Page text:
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A father’s letter to his adult children at Thanksgiving: You’re on your own

Discussion in 'Real Estate & Other Investments' started by Scorpio, Nov 25, 2016.



  1. Scorpio

    Scorpio Скорпион Founding Member Board Elder Site Mgr Site Supporter ++

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    A father’s letter to his adult children at Thanksgiving: You’re on your own
    By Quentin Fottrell
    Published: Nov 24, 2016 12:47 p.m. ET



    No more financial support — it’s time to take care of yourselves


    [​IMG] Shutterstock


    Think of the grandchildren.
    Sometimes, The Moneyologist hears back from previous letter writers. “Sean in San Antonio” recently wrote with an unusual problem.

    A Jewish deist, he was unhappy that his son’s wife, a stay-at-home mom, had been tithing $150 every week to her church, which effectively canceled out the $7,500 annual Thanksgiving gift he gave his son and daughter-in-law. (He also gave that amount to his other two children).

    He considered changing the way he gifted the money to that one son, who has no IRAs or plans for his retirement. “He’s a great electrician but not too smart in other areas,” he wrote. “I take responsibility for that.”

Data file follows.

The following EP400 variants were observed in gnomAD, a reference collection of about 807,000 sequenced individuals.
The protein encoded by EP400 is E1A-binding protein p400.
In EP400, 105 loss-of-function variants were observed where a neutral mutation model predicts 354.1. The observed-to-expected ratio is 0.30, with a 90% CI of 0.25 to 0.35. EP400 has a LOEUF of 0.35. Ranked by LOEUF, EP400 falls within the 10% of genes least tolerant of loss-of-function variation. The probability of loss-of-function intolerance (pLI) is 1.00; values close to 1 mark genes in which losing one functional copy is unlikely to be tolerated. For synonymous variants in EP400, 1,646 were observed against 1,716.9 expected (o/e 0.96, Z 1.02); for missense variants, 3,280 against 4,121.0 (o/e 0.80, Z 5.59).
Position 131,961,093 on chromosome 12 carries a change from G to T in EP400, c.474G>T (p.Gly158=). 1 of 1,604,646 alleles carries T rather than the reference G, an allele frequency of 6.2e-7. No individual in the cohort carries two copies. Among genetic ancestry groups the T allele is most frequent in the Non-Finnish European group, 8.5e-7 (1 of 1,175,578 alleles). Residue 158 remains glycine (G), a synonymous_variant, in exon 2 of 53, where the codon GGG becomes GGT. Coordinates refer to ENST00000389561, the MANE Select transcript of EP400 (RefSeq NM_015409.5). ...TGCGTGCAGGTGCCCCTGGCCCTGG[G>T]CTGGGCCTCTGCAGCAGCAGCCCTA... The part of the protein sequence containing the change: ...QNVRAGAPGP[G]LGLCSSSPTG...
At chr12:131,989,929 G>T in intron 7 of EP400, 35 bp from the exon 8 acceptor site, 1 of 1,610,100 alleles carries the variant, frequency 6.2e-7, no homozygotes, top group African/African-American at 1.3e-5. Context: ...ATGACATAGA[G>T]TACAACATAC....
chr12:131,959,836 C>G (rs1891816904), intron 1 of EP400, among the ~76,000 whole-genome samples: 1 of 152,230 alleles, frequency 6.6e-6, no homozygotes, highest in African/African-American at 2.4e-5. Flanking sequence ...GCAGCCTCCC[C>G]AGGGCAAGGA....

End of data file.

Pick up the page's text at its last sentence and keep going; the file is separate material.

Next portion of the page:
You can read Sean’s original letter here: I give my son money and his wife gives it to her church.”

    The Moneyologist warned: “If you treat one child differently than the rest, it will create discord in your family, and could ultimately result in putting distance between you and your son (and his family).”

    Since then, Sean has come up with a solution. He decided to bypass his three kids and set up mutual funds for his grandchildren instead. But he has implored his adult children to keep this gift a secret from his grandchildren, so they continue to work hard and look up to their parents as their main benefactors (rather than their grandparents).

    Sean wishes he’d given his kids more financial advice when they were younger and there’s a hint of sadness when Sean laments the empty chairs around the kitchen table at other times of the year.

    And without further ado, here’s this father’s letter breaking the news to his three children:

    To my three children,

    “Starting this year, mom and I will no longer be gifting you as we have since about 2006. We’re so happy to see you doing well financially that the gift does not seem necessary.